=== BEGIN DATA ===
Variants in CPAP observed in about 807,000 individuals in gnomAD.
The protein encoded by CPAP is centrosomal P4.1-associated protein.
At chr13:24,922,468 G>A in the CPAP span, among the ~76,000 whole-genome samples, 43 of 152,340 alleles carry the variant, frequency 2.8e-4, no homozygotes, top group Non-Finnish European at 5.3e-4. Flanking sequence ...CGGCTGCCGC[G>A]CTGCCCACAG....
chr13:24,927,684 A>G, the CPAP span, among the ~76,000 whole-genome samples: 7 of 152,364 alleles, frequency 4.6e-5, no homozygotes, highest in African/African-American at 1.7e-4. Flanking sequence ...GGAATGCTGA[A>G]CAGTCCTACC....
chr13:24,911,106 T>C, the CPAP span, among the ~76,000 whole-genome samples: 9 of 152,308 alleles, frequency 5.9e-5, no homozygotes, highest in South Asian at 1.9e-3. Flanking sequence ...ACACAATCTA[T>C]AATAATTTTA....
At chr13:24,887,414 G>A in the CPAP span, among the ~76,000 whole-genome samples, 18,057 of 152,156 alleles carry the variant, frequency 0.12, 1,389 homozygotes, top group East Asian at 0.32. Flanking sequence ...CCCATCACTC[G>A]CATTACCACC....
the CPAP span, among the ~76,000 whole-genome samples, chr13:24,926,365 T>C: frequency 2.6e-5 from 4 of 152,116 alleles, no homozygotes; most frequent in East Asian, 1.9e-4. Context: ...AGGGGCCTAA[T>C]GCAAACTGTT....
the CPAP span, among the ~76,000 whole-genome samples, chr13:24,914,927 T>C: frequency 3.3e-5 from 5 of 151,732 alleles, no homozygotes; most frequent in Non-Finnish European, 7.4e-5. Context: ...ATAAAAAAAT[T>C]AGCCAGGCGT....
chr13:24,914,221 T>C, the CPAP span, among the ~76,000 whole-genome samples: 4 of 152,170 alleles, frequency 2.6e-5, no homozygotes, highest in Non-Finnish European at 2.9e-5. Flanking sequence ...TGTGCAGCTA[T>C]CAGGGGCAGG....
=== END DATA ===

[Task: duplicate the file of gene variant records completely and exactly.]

Variants in CPAP observed in about 807,000 individuals in gnomAD.
The protein encoded by CPAP is centrosomal P4.1-associated protein.
At chr13:24,922,468 G>A in the CPAP span, among the ~76,000 whole-genome samples, 43 of 152,340 alleles carry the variant, frequency 2.8e-4, no homozygotes, top group Non-Finnish European at 5.3e-4. Flanking sequence ...CGGCTGCCGC[G>A]CTGCCCACAG....
chr13:24,927,684 A>G, the CPAP span, among the ~76,000 whole-genome samples: 7 of 152,364 alleles, frequency 4.6e-5, no homozygotes, highest in African/African-American at 1.7e-4. Flanking sequence ...GGAATGCTGA[A>G]CAGTCCTACC....
chr13:24,911,106 T>C, the CPAP span, among the ~76,000 whole-genome samples: 9 of 152,308 alleles, frequency 5.9e-5, no homozygotes, highest in South Asian at 1.9e-3. Flanking sequence ...ACACAATCTA[T>C]AATAATTTTA....
At chr13:24,887,414 G>A in the CPAP span, among the ~76,000 whole-genome samples, 18,057 of 152,156 alleles carry the variant, frequency 0.12, 1,389 homozygotes, top group East Asian at 0.32. Flanking sequence ...CCCATCACTC[G>A]CATTACCACC....
the CPAP span, among the ~76,000 whole-genome samples, chr13:24,926,365 T>C: frequency 2.6e-5 from 4 of 152,116 alleles, no homozygotes; most frequent in East Asian, 1.9e-4. Context: ...AGGGGCCTAA[T>C]GCAAACTGTT....
the CPAP span, among the ~76,000 whole-genome samples, chr13:24,914,927 T>C: frequency 3.3e-5 from 5 of 151,732 alleles, no homozygotes; most frequent in Non-Finnish European, 7.4e-5. Context: ...ATAAAAAAAT[T>C]AGCCAGGCGT....
chr13:24,914,221 T>C, the CPAP span, among the ~76,000 whole-genome samples: 4 of 152,170 alleles, frequency 2.6e-5, no homozygotes, highest in Non-Finnish European at 2.9e-5. Flanking sequence ...TGTGCAGCTA[T>C]CAGGGGCAGG....